Do you breathe?

June 19, 2016


Do you breathe?

Strange question I know.

Breathing is the most basic requirement for us to stay alive and we do it subconsciously.

I have noticed over the years whilst working with clients that there are some strange breathing patters emerging, for example:

  • Shallow/barely breathing

  • Shallow/fast breathing

  • Shoulder/neck breathing

  • Mouth/jaw breathing

Stress and poor alignment have a lot to do with it. For others there may be a chronic condition such as an underlying lung dysfunction, anxiety or depression causing this.

Let’s assume you are a healthy individual.

Stand or sit in front of a mirror. Take a breath in and out.

What did you notice?


Do it again, and again, and again and slowly tune in to your body.


Ok let’s try this:

Keep looking in the mirror.

Take a slow full deep breath in counting to 3.

What do you see?

Do you have your mouth open?

Do you clench your teeth?

Do you pull your shoulders up?

Do you feel a restriction anywhere or shortness of breath?

Now slowly breathe out and count to 3.

Where did the breath stop?

Are your shoulders still pulled up?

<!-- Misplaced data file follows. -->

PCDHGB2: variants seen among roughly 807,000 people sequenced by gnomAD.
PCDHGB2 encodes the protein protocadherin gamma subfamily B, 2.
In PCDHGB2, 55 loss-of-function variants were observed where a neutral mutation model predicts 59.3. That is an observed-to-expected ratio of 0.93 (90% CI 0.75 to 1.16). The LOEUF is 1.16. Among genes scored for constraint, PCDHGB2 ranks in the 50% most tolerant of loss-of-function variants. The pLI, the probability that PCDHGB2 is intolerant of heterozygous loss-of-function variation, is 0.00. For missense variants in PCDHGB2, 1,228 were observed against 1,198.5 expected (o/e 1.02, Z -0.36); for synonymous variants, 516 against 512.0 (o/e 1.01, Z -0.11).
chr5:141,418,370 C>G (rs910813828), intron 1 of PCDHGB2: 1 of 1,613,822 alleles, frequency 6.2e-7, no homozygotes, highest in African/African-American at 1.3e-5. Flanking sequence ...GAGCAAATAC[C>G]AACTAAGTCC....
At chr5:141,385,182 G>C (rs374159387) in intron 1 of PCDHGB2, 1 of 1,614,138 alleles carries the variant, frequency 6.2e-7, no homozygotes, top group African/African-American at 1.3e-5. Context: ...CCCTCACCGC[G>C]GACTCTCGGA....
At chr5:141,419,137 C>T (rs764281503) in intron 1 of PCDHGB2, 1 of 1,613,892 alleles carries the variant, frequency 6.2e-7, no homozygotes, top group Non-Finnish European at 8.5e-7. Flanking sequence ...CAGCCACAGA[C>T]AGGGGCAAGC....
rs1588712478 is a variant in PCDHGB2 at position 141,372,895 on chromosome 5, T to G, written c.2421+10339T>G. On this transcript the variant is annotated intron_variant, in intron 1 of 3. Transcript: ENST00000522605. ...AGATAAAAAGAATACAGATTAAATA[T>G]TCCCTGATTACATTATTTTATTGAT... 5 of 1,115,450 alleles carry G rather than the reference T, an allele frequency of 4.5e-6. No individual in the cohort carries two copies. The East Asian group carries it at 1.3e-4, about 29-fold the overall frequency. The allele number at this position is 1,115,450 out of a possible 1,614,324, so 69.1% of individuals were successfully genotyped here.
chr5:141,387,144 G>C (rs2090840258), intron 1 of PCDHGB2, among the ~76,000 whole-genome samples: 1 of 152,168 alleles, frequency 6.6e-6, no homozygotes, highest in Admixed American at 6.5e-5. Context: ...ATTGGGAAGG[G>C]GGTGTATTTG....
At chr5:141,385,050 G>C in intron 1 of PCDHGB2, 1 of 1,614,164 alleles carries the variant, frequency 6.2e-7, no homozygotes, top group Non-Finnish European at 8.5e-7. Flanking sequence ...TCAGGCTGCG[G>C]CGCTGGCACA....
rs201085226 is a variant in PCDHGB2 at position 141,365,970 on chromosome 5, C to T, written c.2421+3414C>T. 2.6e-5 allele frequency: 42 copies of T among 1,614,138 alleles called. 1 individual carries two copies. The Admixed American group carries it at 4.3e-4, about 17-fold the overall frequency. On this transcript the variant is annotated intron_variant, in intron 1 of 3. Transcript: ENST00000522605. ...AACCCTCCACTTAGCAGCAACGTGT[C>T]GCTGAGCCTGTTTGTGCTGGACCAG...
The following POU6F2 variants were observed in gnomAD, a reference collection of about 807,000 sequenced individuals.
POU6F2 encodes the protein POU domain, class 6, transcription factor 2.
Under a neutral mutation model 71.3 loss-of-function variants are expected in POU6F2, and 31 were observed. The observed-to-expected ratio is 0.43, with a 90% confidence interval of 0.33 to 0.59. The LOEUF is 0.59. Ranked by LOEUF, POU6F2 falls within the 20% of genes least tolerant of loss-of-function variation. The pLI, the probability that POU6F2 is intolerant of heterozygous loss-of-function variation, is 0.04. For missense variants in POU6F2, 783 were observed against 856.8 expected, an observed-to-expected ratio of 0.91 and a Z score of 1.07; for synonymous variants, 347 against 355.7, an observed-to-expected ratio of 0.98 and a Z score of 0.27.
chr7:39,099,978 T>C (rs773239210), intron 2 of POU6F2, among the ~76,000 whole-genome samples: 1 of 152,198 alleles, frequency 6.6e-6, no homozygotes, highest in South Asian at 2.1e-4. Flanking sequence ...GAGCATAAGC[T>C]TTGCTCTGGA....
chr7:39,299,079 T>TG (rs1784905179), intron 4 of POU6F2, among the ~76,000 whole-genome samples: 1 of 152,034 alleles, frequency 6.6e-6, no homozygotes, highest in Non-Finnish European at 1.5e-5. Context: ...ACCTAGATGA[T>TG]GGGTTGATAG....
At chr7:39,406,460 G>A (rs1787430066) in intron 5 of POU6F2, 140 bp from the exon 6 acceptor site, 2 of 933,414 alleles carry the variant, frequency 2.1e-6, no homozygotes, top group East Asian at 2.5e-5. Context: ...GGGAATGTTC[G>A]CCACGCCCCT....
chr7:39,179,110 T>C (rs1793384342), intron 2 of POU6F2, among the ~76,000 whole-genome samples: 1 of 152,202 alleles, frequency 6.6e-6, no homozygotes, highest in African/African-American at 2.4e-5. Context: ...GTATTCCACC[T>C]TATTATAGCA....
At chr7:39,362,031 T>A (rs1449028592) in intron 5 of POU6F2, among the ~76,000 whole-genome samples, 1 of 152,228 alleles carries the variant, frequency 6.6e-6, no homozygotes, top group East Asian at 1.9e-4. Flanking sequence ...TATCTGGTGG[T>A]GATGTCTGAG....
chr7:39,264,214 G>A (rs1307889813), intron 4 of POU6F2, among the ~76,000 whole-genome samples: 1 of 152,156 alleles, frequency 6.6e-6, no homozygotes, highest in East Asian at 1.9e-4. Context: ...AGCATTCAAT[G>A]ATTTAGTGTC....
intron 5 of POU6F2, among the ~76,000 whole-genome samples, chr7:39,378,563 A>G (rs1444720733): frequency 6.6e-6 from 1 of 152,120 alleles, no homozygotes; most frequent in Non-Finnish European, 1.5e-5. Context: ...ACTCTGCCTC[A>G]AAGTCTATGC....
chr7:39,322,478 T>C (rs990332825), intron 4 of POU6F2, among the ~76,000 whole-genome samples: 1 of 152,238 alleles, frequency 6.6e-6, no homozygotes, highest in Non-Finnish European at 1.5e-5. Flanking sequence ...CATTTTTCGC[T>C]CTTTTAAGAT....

Did you find it hard to breathe out fully?

Do you feel a restriction anywhere or shortness of breath?

Breathing is so fundamental to our well-being yet most of us really struggle to breathe fully in and out correctly.

It not only causes tension, aches and pains in our body but also increases us to live in a heightened state, finding it hard to relax and sleep properly.

Feel free to try this next little exercise to improve your breathing.


Lie down comfortably allowing your shoulders to relax and if you are lying on your back maybe put a blanket or small soft cushion under your lower back and pelvis.

Close your eyes and place one or both hands on your belly.

Take a deep slow breath in through your nose, allowing your ribcage to expand sideways and your belly to lift. Breathe into your back.

Slowly breathe out either through the nose or open your mouth slightly.

Allow your shoulders & chest to relax down and your belly to draw in. Let your breath come all the way down towards your pelvis into your lower back.


- The aim is to elongate the breath in and out each time as well as breathing fully into each space of your rib cage, mid and lower back.

This will allow your diaphragm to work its full range, increase circulation, lower your blood pressure and help you relax.


This may take a little practice yet it’s a wonderful daily exercise to do, especially if you find it hard to relax or struggle with back pain.

Let me know how you get on.



PS: you can join my Pilates classes in Dawlish every Tuesday, Thursday and Friday or book a 1 to 1 tuition.

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